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Bug when tryin' to convert Proj2Geog and Geog2Proj

Mar 10, 2007 at 11:25 PM
Edited Mar 10, 2007 at 11:29 PM
There's no check whether datum transformation is necessary or not. Imagine you want to convert from UTM (based on WGS84 ellipsoid) to Bessel 1841 geographic coordinates... I've fixed the bug and have sent the files via mail. Hope you received it...
Mar 11, 2007 at 11:52 AM
If you specify the TOWGS84 parameter on the datum, SharpMap will automatically perform the datum transform. If not, it has no way of knowing tha datum shifts it needs to apply, and just ignores the datum transform step.
Mar 11, 2007 at 7:57 PM
Edited Mar 12, 2007 at 8:39 AM
Methods Geog2Proj and Proj2Geog do not check TOWGS84 parameter at all.
Mar 11, 2007 at 8:16 PM
Yes, you can define a projected coordinate system with underlying geographic coordinate system and datum(e.g. UTM on WGS84). But when you convert this Proj2Geog - let's say to Bessel 1841 geographic coordinates - there's just the inverse Transverse Mercator Transformation without considering that there's a datum shift obligatory. The same problem occurs when converting Geog2Proj.
Mar 11, 2007 at 9:45 PM
Where can I find Geog2Proj and Proj2Geog?
Mar 11, 2007 at 10:06 PM
Just ignore my question. Cheers.
Mar 11, 2007 at 10:33 PM
Axyonych: Yes it does - but you are looking in the wrong place.
The datum transformation is done in Geoc2Geoc. Datum transformations has to be done in a geocentric coordinate system. When you specify two projections as input, each with their own datum, the transformation factory will create a list of transformations that it will use:
1. Proj2Geo (datum1)
2. Geo2Geoc (datum1)
3. Geoc2Geoc (datum1->datum2)
4. Geoc2Geo (datum2)
5. Geo2Proj (datum2)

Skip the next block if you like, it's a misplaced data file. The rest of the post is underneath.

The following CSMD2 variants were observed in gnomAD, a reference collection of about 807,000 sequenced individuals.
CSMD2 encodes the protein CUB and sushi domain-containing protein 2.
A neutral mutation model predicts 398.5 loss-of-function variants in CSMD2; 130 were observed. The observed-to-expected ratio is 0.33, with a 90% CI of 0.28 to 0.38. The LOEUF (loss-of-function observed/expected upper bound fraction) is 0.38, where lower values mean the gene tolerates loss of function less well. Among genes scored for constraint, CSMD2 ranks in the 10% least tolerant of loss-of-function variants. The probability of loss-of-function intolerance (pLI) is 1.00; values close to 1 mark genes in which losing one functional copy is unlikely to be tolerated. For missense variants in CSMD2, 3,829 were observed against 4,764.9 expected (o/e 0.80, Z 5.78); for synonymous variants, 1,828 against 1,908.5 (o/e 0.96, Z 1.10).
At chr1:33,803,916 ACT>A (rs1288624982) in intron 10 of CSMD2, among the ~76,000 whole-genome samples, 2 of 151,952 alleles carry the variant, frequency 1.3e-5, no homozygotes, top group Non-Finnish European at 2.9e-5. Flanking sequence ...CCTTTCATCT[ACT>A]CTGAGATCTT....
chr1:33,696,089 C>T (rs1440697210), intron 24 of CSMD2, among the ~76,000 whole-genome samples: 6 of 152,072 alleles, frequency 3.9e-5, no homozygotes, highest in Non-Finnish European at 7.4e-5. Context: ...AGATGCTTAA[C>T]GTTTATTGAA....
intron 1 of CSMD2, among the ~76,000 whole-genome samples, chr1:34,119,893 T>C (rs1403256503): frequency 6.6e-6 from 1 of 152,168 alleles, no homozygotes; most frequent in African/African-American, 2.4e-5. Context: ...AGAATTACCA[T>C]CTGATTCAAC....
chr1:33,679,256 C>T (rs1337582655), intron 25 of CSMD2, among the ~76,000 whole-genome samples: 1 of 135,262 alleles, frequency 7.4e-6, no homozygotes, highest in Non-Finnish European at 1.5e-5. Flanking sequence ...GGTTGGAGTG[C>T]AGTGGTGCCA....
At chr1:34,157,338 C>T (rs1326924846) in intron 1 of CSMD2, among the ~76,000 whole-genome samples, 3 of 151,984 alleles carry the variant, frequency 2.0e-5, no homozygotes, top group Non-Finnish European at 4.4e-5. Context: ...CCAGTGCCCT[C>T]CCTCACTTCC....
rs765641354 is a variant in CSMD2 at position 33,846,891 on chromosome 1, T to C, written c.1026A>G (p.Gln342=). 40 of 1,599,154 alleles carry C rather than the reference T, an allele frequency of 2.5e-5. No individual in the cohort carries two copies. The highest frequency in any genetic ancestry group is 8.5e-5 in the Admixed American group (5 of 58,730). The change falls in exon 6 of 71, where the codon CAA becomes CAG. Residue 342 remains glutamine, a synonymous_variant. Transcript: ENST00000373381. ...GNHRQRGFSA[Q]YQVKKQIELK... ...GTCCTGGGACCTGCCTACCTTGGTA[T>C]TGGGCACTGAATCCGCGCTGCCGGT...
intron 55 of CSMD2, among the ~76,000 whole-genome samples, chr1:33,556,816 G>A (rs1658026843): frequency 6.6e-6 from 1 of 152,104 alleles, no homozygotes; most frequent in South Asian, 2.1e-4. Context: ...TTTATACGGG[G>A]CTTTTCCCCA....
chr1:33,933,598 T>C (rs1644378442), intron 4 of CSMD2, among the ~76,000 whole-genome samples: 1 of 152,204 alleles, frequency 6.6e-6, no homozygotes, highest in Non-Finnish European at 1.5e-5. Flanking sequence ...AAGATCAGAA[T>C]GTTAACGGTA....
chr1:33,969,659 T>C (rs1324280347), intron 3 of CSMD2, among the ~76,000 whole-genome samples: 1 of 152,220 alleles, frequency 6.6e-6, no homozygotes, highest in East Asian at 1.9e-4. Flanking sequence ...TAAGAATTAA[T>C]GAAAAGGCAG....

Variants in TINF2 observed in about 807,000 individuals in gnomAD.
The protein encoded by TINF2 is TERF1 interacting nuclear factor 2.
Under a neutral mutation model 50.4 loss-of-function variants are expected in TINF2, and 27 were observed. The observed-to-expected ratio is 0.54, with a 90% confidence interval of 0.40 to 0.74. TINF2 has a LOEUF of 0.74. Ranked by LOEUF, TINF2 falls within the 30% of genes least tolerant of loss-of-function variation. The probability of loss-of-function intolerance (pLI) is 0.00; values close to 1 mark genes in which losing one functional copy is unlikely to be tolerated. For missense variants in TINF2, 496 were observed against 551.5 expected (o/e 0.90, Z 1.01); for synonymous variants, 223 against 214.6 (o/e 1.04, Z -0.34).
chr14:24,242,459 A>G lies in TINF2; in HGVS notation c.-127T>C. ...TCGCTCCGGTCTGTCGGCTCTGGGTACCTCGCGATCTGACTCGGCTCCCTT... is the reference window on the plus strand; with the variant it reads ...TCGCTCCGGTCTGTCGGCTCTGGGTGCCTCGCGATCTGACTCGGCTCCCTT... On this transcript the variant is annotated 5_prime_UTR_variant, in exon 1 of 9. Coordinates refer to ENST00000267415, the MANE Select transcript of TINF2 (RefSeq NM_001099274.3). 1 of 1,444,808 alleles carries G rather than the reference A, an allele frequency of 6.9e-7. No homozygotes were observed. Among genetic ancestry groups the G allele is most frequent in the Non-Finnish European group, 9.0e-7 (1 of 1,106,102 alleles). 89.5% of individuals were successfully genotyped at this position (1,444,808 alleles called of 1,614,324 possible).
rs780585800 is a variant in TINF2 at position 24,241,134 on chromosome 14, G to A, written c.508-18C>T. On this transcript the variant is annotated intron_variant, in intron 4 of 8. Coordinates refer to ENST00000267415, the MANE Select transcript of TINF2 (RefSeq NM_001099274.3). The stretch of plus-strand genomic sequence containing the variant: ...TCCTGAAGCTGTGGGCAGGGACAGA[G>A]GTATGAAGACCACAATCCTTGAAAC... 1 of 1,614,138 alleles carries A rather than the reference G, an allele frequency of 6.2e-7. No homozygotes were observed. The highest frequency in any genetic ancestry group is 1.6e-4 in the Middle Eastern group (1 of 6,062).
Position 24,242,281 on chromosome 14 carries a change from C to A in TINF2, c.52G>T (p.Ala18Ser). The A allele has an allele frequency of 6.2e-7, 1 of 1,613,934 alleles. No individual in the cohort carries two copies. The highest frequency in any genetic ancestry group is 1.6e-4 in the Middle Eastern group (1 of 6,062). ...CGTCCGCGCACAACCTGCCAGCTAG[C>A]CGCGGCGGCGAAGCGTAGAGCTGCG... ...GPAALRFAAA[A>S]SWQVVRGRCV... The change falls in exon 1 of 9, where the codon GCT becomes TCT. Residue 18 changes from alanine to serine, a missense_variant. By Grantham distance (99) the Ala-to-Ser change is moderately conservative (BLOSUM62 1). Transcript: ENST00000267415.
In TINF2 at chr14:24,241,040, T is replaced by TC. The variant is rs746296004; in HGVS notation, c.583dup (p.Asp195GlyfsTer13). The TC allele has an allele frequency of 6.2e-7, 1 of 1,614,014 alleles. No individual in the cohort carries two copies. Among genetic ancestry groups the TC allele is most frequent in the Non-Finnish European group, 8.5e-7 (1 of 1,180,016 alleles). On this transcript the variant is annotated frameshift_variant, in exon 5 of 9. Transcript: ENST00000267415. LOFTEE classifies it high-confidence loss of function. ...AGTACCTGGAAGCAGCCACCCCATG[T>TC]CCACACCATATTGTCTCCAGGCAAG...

If the datums are the same (or no TOWGS84 datum transform is specified) 2-4 will be skipped. If the from coordinate system is geographic, step 1 will be skipped and vice versa on step 5.

To clarify: The geocentric coordinate system is a "normal" XYZ coordinate system with the origo (0,0,0) at the center of the earth. Unfortunately we don't know the correct center of the earth. Instead we define an approximate form of the earth (the ellipsoid), a center and an orientation of it. These parameters make up the datum.
Some datums are more accurate on certain places on the Earth than others (ie. NAD87 is meant to be used in North America and ED50 in Europe). The datum transform basically offsets, rotates and scales the XYZ coordinate system so it fits with another definition. Unfortunately the parameters to do this are not constant, and is dependent on where you are located on the earth. Therefore a specific set of TOWGS84 may be good in one area, but bad in another. Usually the national cadastre, geological survey or who ever takes care of that in your country knows these parameters.
Mar 11, 2007 at 11:11 PM
@Odegaard: Your are right with what you say. The ConcatenatedTransform you speak about happens in the CreateGeog2Geog method. A datum shift is done correctly by the steps you mentioned. But believe me: in Proj2Geog and Geog2Proj it is not, since a geocentric transformation as required is never impelled there.And this is exactly the mistake.
Mar 12, 2007 at 2:18 AM
Hmm I see your point. It is obviously missing in CoordinateTransformationFactory.cs. It's only implemented in Geog2Geog and Proj2Proj.
Basically it should use the code from CreateProj2Proj to accomplish this, but remove either the first or the last transform depending on whether it is to or from a projection. A small optimization could be made by only using the concatenated transform if a datum shift or prime meridian change is required - if not the current code is sufficient.

Can someone copy this to the issue list, and add it in the unit tests? This should also be copied to NetTopologySuite and MsSqlSpatial which uses this code.
Mar 14, 2007 at 12:37 AM
This discussion has been copied to Work Item 8893. You may wish to continue further discussion there.